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Diana Wellesley, Duchess of Wellington

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The Duchess of Wellington
Personal details
Diana Ruth McConnel

(1922-01-14)14 January 1922
Woolwich, London, England
Died1 November 2010(2010-11-01) (aged 88)
Apsley House, London, England
ChildrenCharles Wellesley, 9th Duke of Wellington
Lord Richard Wellesley
Lady Jane Wellesley
Lord John Wellesley
Lord James Wellesley
Parent(s)Douglas McConnel
Ruth Garnett-Botfield

Diana Ruth Wellesley, Duchess of Wellington, MBE (née McConnel; 14 January 1922 – 1 November 2010) was the wife of Valerian Wellesley, 8th Duke of Wellington, and a British intelligence officer during World War II.

Family and early life[edit]

Born in Woolwich, she was the only daughter of Major-General Douglas McConnel, an instructor at the Royal Military Academy, and his wife, Ruth Mary (née Garnett-Botfield).[citation needed] Her only brother died soon after birth, and she had no other siblings.[1]

She resolved not to marry a military man after living apart from her father, though she did live happily with her parents in India for two years. On her return to Britain she was educated at Benenden School, where she enjoyed painting and music and proved proficient at maths. Her decision to learn typing instead of cooking would serve her well in the war, which broke out shortly before she left school. She was only seventeen, not yet finished school, when the Second World War broke out.

She lived in Jerusalem when her father was stationed there. She worked as a secretary for the military in the King David Hotel and served often as her father's aide-de-camp. Her work included passing top secret documents, such as plans for a British invasion of Iraq in 1941 to nullify Arab nationalists who believed that the Nazis could help their cause.[1]

Marriage and family[edit]

It was there that she met Valerian Wellesley, who in 1943 became Marquess of Douro when his father, then Lord Gerald Wellesley, inherited the Dukedom of Wellington from his nephew. They were married on 28 January 1944.[1] The Marquess and Marchioness of Douro would have five children:[citation needed]

During the course of her regular work Diana discovered a plot by the Stern Gang to bomb St. George's Cathedral, Jerusalem on her wedding day. The bomb was retrieved but the couple still received a police escort, which Lord Douro believed to be the standard procedure at the wedding of a general's daughter, his bride not having revealed the plot to him at the time.[1]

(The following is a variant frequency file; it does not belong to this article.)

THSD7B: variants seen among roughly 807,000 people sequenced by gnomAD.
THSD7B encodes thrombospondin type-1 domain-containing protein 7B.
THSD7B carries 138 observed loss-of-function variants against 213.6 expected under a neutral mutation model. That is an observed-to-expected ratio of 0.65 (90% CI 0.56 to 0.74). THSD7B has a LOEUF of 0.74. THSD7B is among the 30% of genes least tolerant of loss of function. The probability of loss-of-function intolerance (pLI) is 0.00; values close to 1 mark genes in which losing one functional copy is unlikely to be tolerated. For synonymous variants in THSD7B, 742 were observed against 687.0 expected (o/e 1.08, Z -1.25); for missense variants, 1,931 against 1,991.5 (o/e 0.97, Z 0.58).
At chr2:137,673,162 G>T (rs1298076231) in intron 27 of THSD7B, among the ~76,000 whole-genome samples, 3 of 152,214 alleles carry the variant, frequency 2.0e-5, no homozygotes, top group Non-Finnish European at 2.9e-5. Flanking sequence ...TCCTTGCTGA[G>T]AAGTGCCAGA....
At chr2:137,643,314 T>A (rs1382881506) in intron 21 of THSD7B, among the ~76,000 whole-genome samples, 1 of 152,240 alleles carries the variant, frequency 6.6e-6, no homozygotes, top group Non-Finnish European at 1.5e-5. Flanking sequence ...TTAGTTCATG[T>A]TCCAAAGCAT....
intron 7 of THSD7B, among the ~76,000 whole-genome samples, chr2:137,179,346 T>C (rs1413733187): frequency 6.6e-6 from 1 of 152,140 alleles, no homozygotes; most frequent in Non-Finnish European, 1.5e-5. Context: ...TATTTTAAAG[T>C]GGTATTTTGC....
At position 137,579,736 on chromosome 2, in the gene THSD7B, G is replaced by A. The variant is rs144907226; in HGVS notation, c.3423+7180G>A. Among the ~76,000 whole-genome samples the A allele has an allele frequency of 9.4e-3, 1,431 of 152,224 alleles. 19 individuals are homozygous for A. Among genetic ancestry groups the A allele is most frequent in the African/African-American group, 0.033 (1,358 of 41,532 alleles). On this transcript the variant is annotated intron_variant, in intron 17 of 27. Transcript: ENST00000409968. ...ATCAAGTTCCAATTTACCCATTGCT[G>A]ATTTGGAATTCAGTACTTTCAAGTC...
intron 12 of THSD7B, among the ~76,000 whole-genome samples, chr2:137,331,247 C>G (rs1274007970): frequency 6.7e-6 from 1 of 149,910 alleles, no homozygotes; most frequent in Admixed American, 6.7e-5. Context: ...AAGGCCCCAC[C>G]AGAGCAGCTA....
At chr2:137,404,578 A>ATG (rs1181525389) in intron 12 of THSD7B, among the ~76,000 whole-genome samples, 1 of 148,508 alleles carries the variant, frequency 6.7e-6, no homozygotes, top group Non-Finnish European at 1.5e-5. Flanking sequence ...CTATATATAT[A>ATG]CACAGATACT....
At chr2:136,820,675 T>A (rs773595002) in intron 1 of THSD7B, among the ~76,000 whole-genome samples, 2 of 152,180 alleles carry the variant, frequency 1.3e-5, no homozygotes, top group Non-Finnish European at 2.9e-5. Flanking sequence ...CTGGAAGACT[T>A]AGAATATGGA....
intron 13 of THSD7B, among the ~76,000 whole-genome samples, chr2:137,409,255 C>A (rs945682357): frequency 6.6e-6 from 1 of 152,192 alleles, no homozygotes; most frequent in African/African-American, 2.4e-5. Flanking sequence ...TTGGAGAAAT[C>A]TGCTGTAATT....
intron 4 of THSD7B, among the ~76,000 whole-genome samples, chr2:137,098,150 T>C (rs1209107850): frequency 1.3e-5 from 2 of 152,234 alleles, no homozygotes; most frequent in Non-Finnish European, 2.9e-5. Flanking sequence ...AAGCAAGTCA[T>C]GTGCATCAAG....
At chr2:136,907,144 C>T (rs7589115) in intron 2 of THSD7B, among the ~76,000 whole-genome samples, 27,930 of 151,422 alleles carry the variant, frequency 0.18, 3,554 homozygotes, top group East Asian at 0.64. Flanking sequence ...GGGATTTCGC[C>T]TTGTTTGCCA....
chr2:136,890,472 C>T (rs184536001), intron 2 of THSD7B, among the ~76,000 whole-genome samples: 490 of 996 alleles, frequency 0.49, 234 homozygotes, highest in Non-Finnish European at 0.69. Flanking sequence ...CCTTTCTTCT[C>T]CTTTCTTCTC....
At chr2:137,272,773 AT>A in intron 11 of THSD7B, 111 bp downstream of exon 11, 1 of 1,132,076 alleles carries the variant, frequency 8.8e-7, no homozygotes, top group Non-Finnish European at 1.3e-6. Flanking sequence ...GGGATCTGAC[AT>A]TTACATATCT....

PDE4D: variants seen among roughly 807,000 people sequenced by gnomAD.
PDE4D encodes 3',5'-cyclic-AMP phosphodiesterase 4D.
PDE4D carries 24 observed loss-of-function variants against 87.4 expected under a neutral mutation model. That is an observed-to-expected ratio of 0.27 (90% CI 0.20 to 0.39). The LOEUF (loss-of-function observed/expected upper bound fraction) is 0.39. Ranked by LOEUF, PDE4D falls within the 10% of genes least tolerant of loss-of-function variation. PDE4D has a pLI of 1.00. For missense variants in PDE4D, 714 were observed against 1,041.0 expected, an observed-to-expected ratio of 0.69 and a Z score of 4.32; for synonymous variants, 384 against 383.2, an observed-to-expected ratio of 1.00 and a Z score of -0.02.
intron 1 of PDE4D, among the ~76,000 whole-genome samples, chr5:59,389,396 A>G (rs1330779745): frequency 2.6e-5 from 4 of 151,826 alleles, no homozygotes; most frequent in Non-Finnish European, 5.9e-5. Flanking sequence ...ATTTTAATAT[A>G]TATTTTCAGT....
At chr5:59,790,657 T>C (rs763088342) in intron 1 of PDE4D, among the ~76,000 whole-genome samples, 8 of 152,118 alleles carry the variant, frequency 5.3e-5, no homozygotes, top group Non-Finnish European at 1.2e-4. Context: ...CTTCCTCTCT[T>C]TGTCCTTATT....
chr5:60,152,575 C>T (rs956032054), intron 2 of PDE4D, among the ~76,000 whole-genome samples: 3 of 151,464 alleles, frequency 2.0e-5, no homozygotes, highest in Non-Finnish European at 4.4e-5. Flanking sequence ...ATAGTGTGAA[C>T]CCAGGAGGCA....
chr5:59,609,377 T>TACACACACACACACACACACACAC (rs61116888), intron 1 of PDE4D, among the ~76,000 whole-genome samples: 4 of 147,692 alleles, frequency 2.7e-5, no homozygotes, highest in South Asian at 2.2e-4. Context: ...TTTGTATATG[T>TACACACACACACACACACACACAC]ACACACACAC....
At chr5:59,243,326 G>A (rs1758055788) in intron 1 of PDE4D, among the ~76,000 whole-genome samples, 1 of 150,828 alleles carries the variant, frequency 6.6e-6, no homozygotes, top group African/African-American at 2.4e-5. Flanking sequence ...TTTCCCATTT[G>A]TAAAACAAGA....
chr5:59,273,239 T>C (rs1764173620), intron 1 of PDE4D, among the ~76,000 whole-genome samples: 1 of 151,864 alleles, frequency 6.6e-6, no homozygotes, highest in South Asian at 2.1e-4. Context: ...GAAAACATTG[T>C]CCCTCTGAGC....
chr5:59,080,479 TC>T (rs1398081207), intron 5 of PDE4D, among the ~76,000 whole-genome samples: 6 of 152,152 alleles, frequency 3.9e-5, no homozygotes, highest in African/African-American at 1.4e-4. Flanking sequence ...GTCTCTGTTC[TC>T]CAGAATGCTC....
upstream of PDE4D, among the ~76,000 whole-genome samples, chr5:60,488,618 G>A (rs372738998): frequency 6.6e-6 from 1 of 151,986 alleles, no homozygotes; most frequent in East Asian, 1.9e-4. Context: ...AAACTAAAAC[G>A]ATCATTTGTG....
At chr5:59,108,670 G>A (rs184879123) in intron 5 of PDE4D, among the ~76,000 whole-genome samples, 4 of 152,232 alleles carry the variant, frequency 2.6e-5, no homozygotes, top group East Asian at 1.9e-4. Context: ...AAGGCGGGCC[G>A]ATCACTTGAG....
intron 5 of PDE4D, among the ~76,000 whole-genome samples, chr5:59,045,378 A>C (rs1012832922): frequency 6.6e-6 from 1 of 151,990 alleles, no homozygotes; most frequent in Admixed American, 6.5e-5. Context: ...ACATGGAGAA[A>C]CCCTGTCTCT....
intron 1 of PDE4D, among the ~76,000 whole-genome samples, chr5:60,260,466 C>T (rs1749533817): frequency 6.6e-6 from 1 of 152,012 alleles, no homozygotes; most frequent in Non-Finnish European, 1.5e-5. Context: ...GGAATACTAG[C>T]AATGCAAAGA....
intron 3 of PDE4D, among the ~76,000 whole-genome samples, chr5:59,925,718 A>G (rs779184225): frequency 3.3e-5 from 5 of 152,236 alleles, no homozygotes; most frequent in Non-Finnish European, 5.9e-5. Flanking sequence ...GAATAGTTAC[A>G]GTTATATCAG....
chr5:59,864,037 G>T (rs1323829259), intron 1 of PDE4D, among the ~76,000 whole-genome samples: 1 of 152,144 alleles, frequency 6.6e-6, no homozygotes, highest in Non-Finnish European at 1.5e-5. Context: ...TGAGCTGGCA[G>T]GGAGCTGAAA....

The wedding had been precipitated by his posting to Italy and later that year she learnt that he was returning home and arranged to join the same convoy of boats heading to Britain. As luck would have it, they were on neighbouring boats and at six o’clock each day he would position himself on the bow of his ship and she on the stern of hers, and they would communicate messages of endearment in the darkness with a torch using Morse code, much to the amusement of those on board who could decipher the messages.[2]

After the war[edit]

Lord Douro continued his military service, attaining the rank of brigadier, and Lady Douro lived with him in Cyprus in the 1950s and Madrid from 1964 to 1967. He retired from the army in 1967 and they moved to Stratfield Saye. In 1972 Lord Douro's father died and he and his wife became Duke and Duchess of Wellington. At home the Duchess tended personally to the gardens and was amused to be mistaken frequently for a gardener when their home was open to the public.[1]

The Duchess died at the family home, Apsley House, in London on 1 November 2010, aged 88. She lived to see the births of several of her great-grandchildren, including twins Lady Mae and Arthur, Viscount Wellesley, third in the direct line of succession to the dukedom.[citation needed]


  1. ^ a b c d e f Obituary for the Duchess of Wellington, The Daily Telegraph; accessed 18 May 2016.
  2. ^ "The Duchess of Wellington". The Times.